An Impressive Pianist and an Extraordinary Orchestral Ensemble


Chapela, Barber, Rachmaninoff: Inon Barnatan (piano), Cincinnati Symphony Orchestra / James Gaffigan (conductor), Cincinnati Music Hall, Cincinnati, Ohio. 7.4.18 (RDA)

Enrico Chapela: Radioaxial (2018, world premiere)

Barber: Piano Concerto

Rachmaninoff: Symphonic Dances

To open this concert at the Music Hall, the Cincinnati Symphony Orchestra gave the world premiere of Mexican composer Enrico Chapela’s Radioaxial. Massively scored, Chapela’s work alternates moments of aural density with occasional pockets of streamlined lyricism. The string players are at times asked to provide percussive sounds, and the percussion players respond with the xylophone and glockenspiel in passages of ethereal sweetness and clarity. Radioaxial builds to its climax by adding layers of contrapuntal complexity, rather than by merely growing in volume. With guest conductor James Gaffigan coaxing a roof-raising performance from the CSO, Chapela’s intriguingly inventive composition demands attention, and received an enthusiastic ovation from the sometimes staid Cincinnati audience.

In 1962, Samuel Barber was 52 and well established when his Piano Concerto was first performed by the Boston Symphony Orchestra under Erich Leinsdorf. He occasion was the opening of Lincoln Center’s Philharmonic Hall (which would eventually become Avery Fisher Hall, and now renamed for David Geffen). Barber’s concerto is all brilliance and dazzle, notwithstanding its being anchored in potentially somber minor keys throughout its three movements. Never one to avoid an occasional flirtation with dissonance, Barber establishes a tone row at the onset of the first movement, an unusual cadenza-like start before the orchestra ever utters a note, and returns to it.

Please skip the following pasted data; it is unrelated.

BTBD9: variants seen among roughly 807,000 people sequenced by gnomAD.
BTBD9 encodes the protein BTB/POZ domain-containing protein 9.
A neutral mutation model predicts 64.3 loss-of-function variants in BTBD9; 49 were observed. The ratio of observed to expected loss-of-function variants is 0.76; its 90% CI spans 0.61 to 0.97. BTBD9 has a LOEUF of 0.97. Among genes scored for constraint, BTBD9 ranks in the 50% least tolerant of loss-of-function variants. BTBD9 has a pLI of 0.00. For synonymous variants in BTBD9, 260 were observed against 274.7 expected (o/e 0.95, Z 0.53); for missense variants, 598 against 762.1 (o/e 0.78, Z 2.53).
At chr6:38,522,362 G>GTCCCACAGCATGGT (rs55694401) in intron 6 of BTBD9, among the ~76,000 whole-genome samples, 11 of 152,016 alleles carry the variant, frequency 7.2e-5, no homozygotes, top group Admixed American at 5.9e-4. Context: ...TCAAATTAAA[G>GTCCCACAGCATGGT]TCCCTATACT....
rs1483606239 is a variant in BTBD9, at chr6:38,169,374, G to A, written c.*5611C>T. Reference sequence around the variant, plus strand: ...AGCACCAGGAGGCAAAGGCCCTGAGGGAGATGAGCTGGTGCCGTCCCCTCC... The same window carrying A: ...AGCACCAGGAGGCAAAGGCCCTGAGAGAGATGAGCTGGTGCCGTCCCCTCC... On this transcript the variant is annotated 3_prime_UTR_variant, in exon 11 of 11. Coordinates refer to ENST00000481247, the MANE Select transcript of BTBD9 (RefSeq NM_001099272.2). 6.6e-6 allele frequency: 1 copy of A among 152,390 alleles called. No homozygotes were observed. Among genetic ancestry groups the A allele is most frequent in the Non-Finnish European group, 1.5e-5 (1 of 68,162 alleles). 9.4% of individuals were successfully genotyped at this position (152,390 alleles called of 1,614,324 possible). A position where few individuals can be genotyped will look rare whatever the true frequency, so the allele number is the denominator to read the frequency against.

That first movement is reasonably difficult to play. The warp-speed third makes many a pianist break a sweat. But the middle Canzone (‘Song’) is the high point, with its unapologetic embrace of a singing melody, which Barber had used earlier in another composition.

Mercurial, technically-assured, energetic, impassioned, and immensely musical, pianist Inon Barnatan gave a stunning reading, valiantly tackling both the opening and closing, and eliciting a lovely tone from his instrument in the soulful central movement. The orchestra, brilliantly led by Gaffigan, reciprocated with sensitivity that allowed the soloist to stand out when needed, and showed formidable prowess in the orchestral interludes.

Deeply spiritual, Rachmaninoff’s Symphonic Dances have little to do with dance and much to do with the composer’s gradual reconciliation with his own Orthodox religion, and an inevitable late-life confrontation with mortality. The composer was in his sixties when he heard his final composition by the Philadelphia Orchestra under Eugene Ormandy.

As with his Rhapsody on a theme of Paganini, the composer quotes the ancient plainchant Dies Irae (‘Day of Wrath’), but in this instance he sets it to do musical battle with a Russian Easter chant that sings the praise of the resurrection of Christ. The latter melody vanquishes the first in a rousing finale towards the end of the final movement. Here again the musicians reminded us of the extraordinary orchestral ensemble that resides in the Queen City.

Rafael de Acha


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